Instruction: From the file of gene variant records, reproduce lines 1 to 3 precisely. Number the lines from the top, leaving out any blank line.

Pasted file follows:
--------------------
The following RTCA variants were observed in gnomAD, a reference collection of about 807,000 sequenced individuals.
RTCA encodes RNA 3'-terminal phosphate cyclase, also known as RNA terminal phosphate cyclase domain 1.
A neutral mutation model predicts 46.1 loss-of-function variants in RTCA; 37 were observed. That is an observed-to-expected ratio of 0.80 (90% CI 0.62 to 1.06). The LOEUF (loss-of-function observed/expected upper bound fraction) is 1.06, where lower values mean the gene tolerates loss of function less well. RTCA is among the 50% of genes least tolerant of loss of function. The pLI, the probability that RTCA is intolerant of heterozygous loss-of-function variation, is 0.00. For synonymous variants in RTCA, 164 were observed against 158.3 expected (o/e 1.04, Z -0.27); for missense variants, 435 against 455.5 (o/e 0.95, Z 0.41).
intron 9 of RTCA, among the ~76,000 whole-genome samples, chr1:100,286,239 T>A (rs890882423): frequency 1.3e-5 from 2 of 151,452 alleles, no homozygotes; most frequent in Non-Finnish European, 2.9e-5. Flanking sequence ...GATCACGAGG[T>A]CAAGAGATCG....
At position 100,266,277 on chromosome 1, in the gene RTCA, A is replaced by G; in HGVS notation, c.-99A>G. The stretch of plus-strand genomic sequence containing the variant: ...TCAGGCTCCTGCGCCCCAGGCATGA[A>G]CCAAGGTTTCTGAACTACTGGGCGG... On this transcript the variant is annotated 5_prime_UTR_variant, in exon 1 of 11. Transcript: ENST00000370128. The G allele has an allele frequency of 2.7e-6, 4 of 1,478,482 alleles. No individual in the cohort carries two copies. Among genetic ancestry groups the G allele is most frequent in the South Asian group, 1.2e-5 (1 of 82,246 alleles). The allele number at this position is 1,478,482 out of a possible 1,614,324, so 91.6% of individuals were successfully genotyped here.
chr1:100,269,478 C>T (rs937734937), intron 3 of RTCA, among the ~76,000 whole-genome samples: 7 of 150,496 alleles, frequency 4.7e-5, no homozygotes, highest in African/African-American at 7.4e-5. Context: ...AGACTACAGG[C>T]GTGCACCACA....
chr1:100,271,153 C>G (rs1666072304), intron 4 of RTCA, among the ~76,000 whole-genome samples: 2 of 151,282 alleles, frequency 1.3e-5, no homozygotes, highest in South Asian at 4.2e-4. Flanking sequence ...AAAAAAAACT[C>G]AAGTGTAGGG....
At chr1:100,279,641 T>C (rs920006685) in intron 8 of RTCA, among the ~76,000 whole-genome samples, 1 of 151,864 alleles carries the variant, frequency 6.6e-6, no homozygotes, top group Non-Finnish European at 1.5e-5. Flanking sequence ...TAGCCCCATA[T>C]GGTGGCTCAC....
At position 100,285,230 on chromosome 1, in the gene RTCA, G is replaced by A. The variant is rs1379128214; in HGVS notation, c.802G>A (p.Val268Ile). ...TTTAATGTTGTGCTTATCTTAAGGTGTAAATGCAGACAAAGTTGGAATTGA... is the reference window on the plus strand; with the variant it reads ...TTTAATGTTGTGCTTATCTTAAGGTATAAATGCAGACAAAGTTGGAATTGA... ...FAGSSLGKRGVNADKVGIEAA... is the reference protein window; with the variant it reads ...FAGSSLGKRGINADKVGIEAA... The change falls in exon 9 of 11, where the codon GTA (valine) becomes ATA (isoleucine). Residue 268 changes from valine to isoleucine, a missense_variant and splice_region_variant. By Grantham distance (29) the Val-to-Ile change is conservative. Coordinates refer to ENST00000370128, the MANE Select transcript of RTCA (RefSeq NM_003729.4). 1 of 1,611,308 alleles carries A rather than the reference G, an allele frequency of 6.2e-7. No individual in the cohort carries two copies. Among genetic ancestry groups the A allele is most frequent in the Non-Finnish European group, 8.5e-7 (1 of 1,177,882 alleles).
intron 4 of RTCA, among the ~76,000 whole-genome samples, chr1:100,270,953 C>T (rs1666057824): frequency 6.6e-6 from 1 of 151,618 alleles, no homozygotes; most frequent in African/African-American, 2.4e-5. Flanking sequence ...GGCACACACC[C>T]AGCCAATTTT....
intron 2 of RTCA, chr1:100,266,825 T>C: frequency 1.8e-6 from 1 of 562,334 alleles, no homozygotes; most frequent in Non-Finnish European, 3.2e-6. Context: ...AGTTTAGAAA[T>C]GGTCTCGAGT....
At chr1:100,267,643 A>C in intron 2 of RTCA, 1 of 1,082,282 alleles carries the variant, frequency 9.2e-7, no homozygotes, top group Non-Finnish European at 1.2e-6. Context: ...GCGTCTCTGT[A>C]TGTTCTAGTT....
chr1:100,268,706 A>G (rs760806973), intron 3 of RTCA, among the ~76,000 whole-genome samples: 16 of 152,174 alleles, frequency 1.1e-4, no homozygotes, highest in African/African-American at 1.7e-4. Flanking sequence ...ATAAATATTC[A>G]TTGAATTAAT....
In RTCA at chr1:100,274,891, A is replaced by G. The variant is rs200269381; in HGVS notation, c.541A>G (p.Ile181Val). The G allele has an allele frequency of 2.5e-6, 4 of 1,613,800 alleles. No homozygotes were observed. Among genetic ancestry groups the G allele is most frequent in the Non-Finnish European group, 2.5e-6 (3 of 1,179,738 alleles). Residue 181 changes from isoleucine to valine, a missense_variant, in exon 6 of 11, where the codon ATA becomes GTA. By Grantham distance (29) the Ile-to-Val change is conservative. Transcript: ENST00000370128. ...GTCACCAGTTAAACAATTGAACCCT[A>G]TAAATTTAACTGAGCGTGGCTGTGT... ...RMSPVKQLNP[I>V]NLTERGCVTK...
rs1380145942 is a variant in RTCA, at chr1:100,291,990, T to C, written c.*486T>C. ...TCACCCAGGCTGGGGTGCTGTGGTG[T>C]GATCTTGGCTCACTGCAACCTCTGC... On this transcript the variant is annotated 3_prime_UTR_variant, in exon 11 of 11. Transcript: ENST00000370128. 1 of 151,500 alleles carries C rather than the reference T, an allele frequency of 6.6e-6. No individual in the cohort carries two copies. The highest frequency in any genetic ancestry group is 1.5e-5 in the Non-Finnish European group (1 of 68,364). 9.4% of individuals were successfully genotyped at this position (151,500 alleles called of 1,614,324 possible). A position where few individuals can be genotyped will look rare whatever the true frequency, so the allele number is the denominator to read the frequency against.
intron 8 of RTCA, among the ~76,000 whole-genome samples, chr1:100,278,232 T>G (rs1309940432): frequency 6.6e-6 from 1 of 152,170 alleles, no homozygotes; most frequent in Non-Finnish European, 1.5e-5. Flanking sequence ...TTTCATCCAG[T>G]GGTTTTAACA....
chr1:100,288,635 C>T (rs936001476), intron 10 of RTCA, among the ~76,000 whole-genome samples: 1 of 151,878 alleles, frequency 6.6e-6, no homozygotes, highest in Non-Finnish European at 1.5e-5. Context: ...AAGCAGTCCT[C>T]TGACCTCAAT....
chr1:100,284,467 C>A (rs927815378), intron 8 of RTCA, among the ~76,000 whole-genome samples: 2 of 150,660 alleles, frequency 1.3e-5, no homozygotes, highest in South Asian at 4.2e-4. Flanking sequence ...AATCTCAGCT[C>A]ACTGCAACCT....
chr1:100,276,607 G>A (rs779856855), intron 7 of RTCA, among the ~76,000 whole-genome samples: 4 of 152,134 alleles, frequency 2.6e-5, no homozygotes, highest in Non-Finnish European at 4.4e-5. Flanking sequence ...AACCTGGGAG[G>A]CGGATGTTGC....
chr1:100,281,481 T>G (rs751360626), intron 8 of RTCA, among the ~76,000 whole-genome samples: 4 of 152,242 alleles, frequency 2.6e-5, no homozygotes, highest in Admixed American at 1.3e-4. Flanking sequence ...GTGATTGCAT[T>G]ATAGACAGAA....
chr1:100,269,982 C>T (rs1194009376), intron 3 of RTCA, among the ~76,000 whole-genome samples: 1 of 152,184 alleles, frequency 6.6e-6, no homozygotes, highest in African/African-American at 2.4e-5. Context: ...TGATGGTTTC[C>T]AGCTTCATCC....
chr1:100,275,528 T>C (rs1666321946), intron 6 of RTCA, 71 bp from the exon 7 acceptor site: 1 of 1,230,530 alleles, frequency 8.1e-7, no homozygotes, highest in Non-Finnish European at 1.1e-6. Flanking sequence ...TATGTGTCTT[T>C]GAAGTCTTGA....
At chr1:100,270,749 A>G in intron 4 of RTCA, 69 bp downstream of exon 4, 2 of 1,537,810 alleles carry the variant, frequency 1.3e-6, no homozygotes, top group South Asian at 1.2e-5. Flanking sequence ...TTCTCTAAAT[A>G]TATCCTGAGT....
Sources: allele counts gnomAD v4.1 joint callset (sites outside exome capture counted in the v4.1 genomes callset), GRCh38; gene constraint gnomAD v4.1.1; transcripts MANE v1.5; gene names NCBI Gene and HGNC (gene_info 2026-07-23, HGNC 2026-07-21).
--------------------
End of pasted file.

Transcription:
The following RTCA variants were observed in gnomAD, a reference collection of about 807,000 sequenced individuals.
RTCA encodes RNA 3'-terminal phosphate cyclase, also known as RNA terminal phosphate cyclase domain 1.
A neutral mutation model predicts 46.1 loss-of-function variants in RTCA; 37 were observed. That is an observed-to-expected ratio of 0.80 (90% CI 0.62 to 1.06). The LOEUF (loss-of-function observed/expected upper bound fraction) is 1.06, where lower values mean the gene tolerates loss of function less well. RTCA is among the 50% of genes least tolerant of loss of function. The pLI, the probability that RTCA is intolerant of heterozygous loss-of-function variation, is 0.00. For synonymous variants in RTCA, 164 were observed against 158.3 expected (o/e 1.04, Z -0.27); for missense variants, 435 against 455.5 (o/e 0.95, Z 0.41).